You’ve been approached about a job or applied to a new role. You’ve had the initial CV screening, the interview and are now being asked to go back in for a presentation, to present a piece of project work or do a task. So, should you really commit to doing interview tasks?
It’s quite common for employers to ask candidates to undertake tasks as part of the recruitment process. This is to determine if you have the right skills for the role, understand industry trends and also if you’ll be a good culture fit for a certain type of team. Sometimes interviews don’t go as well as we would like them to, so extra tasks give a fair chance to all applicants.
On some occasions with tricky roles, it’s difficult for an employer to make a decision without a task but it’s important that interview tasks be fair and benefit both the employer and candidate.
Pro’s of interview tasks for candidates:
It’s a perfect chance to show off what you can do and what the company are missing out on, by not having you on their team.
If you don’t like what your being asked to do, or feel you may not be capable of the tests, this is a good chance to decide whether or not the role is for you. However, if you are excited by the opportunity or the task interests you, it’s worth doing to secure the job you want.
Con’s of interview tasks for candidates:
Projects or bigger tasks can be time-consuming so it can sometimes feel easier to say no, but if you want the job then you need to decide if it’s worth investing the time.
If you are being asked to undertake a significant project that will benefit the company in the long term but there’s no guarantee of securing the position, it’s also a chance to question whether or not you want to give a company your free expertise. All tasks should be ‘dummy’ tasks, so feel free to question this.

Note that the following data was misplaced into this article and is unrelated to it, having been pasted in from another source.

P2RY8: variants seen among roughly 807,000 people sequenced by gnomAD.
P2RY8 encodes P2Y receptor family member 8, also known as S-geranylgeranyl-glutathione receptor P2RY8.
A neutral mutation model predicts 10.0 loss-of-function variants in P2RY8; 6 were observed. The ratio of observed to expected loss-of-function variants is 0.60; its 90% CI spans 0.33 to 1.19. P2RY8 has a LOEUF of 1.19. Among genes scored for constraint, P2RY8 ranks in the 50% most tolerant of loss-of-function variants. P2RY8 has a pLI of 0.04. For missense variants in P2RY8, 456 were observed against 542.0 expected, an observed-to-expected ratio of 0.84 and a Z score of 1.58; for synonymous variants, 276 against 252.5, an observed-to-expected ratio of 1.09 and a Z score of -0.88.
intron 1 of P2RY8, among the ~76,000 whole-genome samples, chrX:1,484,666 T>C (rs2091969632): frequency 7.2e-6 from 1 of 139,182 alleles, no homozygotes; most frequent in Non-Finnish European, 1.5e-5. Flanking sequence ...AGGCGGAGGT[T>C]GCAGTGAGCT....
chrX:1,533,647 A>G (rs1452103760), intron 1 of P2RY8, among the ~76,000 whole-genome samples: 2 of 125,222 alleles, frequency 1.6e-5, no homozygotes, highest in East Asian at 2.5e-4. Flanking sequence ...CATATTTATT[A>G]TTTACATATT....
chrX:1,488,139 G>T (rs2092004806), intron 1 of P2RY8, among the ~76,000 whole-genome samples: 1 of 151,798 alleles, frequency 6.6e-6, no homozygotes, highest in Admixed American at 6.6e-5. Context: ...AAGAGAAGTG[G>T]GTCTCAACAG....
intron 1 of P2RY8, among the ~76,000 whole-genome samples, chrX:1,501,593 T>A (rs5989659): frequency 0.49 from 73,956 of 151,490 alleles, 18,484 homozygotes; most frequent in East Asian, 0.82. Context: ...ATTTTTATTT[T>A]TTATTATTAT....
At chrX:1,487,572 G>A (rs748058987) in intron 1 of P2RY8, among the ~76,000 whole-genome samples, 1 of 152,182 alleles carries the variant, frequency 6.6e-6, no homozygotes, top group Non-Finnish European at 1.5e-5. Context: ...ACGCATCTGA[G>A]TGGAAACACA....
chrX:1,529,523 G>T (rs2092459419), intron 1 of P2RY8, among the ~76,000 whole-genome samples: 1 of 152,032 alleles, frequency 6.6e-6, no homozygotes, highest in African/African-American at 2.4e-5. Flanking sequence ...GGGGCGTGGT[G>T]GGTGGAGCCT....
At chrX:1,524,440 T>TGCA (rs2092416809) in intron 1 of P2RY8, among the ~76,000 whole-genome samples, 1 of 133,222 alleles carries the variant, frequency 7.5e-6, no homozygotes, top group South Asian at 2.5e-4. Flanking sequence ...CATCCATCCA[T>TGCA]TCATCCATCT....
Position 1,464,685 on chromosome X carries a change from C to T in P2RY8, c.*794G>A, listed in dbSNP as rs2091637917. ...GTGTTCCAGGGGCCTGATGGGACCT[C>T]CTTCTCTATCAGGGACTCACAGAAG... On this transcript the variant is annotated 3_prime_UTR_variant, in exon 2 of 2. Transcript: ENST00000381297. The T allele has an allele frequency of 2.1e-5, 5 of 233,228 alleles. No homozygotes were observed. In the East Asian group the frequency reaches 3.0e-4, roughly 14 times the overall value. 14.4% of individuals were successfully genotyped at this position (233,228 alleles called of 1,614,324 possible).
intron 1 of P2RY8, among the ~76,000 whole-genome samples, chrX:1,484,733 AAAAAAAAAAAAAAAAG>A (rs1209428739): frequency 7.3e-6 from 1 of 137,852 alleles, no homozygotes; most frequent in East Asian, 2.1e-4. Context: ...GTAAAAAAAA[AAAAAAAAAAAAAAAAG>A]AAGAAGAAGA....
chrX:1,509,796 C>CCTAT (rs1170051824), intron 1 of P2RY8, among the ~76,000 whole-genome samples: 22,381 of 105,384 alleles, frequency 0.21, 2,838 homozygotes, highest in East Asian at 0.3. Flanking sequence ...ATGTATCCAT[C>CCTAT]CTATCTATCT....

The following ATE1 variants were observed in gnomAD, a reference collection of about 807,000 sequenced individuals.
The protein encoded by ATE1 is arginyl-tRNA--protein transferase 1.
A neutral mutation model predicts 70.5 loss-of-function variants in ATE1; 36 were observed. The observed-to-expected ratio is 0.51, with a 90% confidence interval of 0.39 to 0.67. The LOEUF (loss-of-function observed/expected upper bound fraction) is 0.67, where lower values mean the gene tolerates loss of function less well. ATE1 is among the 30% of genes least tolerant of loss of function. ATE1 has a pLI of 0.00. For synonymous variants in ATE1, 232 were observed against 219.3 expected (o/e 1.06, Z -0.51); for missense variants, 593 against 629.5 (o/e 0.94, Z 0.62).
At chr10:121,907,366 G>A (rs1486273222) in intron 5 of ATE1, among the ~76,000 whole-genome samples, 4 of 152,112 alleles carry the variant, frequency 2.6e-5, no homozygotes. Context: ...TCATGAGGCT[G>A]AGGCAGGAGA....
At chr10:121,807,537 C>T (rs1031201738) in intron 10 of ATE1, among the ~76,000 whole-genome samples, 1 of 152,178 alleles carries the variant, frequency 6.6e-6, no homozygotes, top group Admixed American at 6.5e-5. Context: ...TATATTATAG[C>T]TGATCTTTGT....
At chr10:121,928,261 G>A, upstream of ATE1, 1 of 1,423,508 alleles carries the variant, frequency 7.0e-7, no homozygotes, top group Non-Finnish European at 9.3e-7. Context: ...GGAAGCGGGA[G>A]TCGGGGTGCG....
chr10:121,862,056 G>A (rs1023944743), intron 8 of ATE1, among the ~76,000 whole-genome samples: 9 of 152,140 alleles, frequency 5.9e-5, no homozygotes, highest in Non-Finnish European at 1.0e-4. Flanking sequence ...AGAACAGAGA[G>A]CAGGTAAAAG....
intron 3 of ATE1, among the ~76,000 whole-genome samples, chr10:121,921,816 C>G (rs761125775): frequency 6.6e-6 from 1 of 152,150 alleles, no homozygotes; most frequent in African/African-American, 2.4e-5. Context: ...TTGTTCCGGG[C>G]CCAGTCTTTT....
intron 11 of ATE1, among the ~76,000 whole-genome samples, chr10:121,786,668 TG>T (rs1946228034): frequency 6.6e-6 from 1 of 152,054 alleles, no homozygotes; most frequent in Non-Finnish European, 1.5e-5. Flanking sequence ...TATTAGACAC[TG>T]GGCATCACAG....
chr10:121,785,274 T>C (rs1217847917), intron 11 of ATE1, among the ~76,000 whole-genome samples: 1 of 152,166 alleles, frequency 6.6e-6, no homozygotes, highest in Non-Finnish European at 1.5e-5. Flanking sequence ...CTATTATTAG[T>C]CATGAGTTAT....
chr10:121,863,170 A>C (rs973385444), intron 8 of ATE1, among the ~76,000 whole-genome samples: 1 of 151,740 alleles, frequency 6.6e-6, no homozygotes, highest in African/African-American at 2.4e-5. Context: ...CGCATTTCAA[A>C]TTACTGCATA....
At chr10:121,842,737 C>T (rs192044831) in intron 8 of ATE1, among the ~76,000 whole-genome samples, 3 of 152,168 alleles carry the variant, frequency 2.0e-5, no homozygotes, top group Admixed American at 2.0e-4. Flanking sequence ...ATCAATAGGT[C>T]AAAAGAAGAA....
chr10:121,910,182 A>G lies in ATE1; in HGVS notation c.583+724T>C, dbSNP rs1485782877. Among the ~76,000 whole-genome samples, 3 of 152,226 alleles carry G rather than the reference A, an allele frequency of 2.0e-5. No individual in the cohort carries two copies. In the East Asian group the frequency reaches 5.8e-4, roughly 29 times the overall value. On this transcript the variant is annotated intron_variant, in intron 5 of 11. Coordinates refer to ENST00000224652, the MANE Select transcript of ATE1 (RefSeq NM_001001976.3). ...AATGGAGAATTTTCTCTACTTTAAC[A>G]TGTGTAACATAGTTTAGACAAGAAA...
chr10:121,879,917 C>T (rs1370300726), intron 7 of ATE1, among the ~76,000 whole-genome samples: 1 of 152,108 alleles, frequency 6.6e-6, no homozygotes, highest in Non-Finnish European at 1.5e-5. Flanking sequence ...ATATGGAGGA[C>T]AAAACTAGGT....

Pro’s of interview tasks for employers:
As we know employee turnover can be costly. It’s also time-consuming to hire someone who ultimately might not work out or might not have all the skills you require. Having candidates complete tests ensure you’re going to hire the right person each time and it’s not just that they are a good interviewee.
Con’s of interview tasks for employers:
If you are setting a task or audition that is too demanding, this can be a deal breaker for candidates. Make sure you communicate to a candidate why the tasks are necessary, or you could end up losing the hire you want.
Whether you’re a client or a candidate, interview tasks should be appropriate and relevant to the role. They shouldn’t take more than a couple of hours and should be able to showcase skills without taking advantage of intellectual property. It’s a balancing act but get it right and both parties will benefit from a great new working relationship.